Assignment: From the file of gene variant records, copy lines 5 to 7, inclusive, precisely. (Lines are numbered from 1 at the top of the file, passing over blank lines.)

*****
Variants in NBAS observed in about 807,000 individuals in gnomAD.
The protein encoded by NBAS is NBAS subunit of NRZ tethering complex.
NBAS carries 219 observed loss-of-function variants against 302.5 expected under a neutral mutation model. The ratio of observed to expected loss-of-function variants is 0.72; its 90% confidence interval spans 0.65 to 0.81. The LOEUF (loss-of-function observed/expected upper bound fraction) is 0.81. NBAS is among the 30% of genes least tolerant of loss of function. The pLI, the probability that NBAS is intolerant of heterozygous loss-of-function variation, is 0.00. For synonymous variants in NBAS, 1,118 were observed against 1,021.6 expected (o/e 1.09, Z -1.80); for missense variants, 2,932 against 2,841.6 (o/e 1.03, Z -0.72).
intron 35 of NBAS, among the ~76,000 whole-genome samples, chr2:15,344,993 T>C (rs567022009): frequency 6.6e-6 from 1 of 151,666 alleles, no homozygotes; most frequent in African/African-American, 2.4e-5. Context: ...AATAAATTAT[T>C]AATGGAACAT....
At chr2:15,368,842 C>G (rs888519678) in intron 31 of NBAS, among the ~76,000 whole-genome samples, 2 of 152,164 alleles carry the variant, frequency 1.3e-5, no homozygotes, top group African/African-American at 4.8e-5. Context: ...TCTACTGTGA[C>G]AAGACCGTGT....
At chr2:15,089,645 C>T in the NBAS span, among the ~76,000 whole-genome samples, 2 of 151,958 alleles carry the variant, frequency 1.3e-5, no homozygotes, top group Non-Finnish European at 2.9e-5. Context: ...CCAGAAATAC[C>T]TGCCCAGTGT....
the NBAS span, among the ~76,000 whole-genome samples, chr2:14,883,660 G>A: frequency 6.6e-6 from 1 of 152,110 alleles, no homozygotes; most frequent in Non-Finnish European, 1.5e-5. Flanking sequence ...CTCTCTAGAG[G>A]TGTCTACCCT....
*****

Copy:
At chr2:15,368,842 C>G (rs888519678) in intron 31 of NBAS, among the ~76,000 whole-genome samples, 2 of 152,164 alleles carry the variant, frequency 1.3e-5, no homozygotes, top group African/African-American at 4.8e-5. Context: ...TCTACTGTGA[C>G]AAGACCGTGT....
At chr2:15,089,645 C>T in the NBAS span, among the ~76,000 whole-genome samples, 2 of 151,958 alleles carry the variant, frequency 1.3e-5, no homozygotes, top group Non-Finnish European at 2.9e-5. Context: ...CCAGAAATAC[C>T]TGCCCAGTGT....
the NBAS span, among the ~76,000 whole-genome samples, chr2:14,883,660 G>A: frequency 6.6e-6 from 1 of 152,110 alleles, no homozygotes; most frequent in Non-Finnish European, 1.5e-5. Flanking sequence ...CTCTCTAGAG[G>A]TGTCTACCCT....